Our lively discussions are serious yet relaxed, challenging yet fun.

If you are in the Philadelphia area, please consider joining us! And please help spread the word.

Time: Wednesdays, 6pm-8:30pm
Dates: April 5-May 3 (five sessions)
Location: CultureWorks, 1315 Walnut Street, Philadelphia, Pennsylvania
Cost: $195
Instructor: Glenn Wallis

Go here to register

Two reduced rate scholarships are available. See FAQs.

Please feel free to contact me with any questions at inciteseminars@mail.com


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Buddhofascism: B. Alan Wallace, for instance

Posted by Glenn Wallis on February 11, 2017

buddhistswastikaBelow is a reposting of Tom Pepper’s essay “Atman, Aporia, and Atomism: A Review of B. Alan Wallace’s Meditations of a Buddhist Skeptic.” But first, an explanation.

Last night I was reading Wallace’s Meditations of a Buddhist Skeptic for a section of my book, Critique of Western Buddhism (see my previous post, “Slogging Through Buddhist Writing.”)

Then, this morning I read an article in the New York Times on how Trump’s “ideological guru,” Steve Bannon, has an affinity for the ideas of the Italian figure Julius Evola (1898-1974). Evola was a proponent of what is known as Traditionalism.  (Links at bottom.) Very briefly, Traditionalism is closely aligned with Perennial Philosophy’s belief that  all humanity shares a transcendental unity via the “brightly shining… unconditioned… pristine awareness” (115) that is our “primordial consciousness,” which “transcends all conceptual frameworks” (24). So, given that this glorious “ground of becoming” (102) is our birthright, why isn’t humanity basking in “an eternal, timeless bliss, or nirvana” (47)? Goddamn modernism and materialism, that’s why. The Traditionalist’s task thus becomes one of “breaking the ideological chains of materialism that shackle the minds of scientists and the modern world at large” (239). It is not difficult to see why Traditionalism had a love affair with the far right wing parties of Europe, old, neo(-Nazi), and Nouvelle(-Droite).

Anyway, as I was reading the piece on Evola, my thoughts kept turning to B. Alan Wallace. Maybe it had something to do with passages about how Evola, in his book The Revolt Against the Modern World, “cast materialism as an eroding influence on ancient values,” as the Times article says. Maybe it had to do with Evola, Bannon, and Wallace’s shared, seemingly insatiable yearning for the reestablishment of a transcendent moral order that would, among other cataclysmic ends, “restore meaning to the universe” (72). Maybe it has to do with the fact that every single one of these quotes (with page numbers) is a quote not from a right-wing Traditionalist, but from Wallace’s book. Yes, Wallace’s views graft seamlessly onto fascist-aligned totalitarian Traditionalist thought.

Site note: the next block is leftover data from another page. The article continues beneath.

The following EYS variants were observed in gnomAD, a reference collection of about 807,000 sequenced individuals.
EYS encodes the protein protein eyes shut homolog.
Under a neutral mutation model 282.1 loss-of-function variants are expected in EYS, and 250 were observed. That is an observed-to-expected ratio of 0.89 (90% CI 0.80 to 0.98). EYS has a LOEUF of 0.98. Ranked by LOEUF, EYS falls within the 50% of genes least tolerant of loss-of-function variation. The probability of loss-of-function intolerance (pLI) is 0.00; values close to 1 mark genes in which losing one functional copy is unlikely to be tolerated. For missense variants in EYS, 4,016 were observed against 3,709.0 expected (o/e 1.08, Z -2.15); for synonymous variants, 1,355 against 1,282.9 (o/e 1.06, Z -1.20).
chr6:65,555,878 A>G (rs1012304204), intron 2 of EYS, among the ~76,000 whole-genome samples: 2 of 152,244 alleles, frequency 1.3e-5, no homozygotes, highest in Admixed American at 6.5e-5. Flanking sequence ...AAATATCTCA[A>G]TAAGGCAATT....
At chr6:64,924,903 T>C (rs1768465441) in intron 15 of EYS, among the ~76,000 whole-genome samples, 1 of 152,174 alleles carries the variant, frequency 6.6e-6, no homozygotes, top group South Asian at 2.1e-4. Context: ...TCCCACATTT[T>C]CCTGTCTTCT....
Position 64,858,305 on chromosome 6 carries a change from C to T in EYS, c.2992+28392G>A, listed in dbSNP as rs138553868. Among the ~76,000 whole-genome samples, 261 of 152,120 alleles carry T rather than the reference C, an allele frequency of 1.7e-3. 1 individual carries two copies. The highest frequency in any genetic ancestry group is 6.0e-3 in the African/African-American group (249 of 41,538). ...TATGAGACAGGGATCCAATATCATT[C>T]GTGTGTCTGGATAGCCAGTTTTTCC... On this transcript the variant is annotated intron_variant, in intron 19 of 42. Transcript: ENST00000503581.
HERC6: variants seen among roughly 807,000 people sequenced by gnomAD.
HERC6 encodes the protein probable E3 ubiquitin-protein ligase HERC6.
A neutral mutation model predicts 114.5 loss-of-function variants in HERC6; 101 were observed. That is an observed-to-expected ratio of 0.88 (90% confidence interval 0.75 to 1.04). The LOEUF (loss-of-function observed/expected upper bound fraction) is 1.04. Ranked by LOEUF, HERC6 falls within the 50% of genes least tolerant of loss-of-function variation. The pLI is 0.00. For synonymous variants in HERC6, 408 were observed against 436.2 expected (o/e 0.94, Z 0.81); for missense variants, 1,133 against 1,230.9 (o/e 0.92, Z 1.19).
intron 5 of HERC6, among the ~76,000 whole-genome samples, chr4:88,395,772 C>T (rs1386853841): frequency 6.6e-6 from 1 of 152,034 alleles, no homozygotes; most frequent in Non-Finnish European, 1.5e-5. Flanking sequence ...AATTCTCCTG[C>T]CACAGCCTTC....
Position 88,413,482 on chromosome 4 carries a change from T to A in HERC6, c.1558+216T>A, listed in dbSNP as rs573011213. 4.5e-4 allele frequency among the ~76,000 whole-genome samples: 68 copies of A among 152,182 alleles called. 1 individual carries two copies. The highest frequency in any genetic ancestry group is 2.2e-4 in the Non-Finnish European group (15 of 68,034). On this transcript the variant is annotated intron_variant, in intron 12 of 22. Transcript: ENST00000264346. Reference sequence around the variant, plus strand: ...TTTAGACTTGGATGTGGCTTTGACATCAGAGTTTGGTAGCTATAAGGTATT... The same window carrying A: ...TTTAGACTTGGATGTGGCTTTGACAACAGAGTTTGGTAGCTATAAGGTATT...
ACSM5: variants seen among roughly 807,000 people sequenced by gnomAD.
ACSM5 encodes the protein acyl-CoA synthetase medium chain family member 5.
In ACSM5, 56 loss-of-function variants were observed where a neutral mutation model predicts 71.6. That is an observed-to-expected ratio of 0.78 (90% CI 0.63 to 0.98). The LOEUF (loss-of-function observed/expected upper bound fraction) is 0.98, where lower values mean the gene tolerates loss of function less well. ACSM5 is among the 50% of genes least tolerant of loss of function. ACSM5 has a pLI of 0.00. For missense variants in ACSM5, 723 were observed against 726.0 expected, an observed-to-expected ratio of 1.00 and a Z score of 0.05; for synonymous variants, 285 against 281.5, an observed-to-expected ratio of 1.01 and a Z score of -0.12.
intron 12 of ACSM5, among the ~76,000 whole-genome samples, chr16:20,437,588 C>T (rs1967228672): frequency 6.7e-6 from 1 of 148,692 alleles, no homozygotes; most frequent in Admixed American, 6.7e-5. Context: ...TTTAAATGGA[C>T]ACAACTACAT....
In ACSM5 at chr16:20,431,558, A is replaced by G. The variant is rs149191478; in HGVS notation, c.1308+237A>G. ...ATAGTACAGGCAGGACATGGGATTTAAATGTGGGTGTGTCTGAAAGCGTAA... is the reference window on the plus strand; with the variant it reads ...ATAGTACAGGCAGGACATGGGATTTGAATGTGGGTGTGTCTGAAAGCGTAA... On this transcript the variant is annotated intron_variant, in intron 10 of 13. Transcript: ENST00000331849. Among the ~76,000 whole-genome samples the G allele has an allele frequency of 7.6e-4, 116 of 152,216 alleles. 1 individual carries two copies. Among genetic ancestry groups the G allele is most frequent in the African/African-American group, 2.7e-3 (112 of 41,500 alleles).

Before allowing myself such a drastic conclusion, I did some research. I visited Mark Sedgwick’s blog. He’s quoted in the Times piece, and rightly so; he seems to be the leading scholarly authority on Traditionalism. Much to my pleasure, Sedgwick refers to Richard K. Payne’s article, “Traditionalist Representations of Buddhism.” So, I read that article. It is a tour de force. Every practicing Buddhist should read it. Payne’s article was no doubt timely and relevant when it was published in 2008. But it is even more so today. The article is rich in lines of thought and conclusions to be drawn for the identity of Western Buddhism and of Western Buddhist subjectivity. The one that I want to mention here is this: much of contemporary Western Buddhism (as well as its Religious Studies and Buddhist Studies scholarship) is deeply implicated in the anti-rationalist “experience fundamentalism” that it shares with the Romantic strains of Traditionalism. Given that such “experience,” as a Buddhist-Traditionalist rhetorical trope, is invariably presented as “inherently veridical, and to be epistemologically privileged” (Payne, 180, 182), the path to a kind of totalitarianism of thought, to a hierarchical institutionalized authoritarianism, is cleared.

Wallace looms yet again. This time as a Buddhist St. Paul, an uncompromising evangelist, declaring the good news of the all-seeing Buddha’s epoch-making “contemplative revolution” (147).

Given the advent of Trump, Le Pen, Brexit, the AfD (Alternative for Germany), and so on, the term “fascism” is no longer a mere pejorative: it has reverted back to its role as a legitimate cultural-political descriptor. My point here is not, of course, that Wallace is fascist in the way that a violent brown-shirted thug is. I don’t know Wallace personally. My point is that his text (via his “Buddhism,” Dzogchen,” and this and that mostly Tibetan teacher) has resonances in contemporary fascist thought. I am suggesting that we may find in Wallace the same kind of unconscious (?) collusion with a cultural-political-spiritual fascist ideology that we find with, say, Jon Kabat-Zinn in relation to neoliberalism or Stephen Batchelor in relation to a neo-Orientalist colonialism.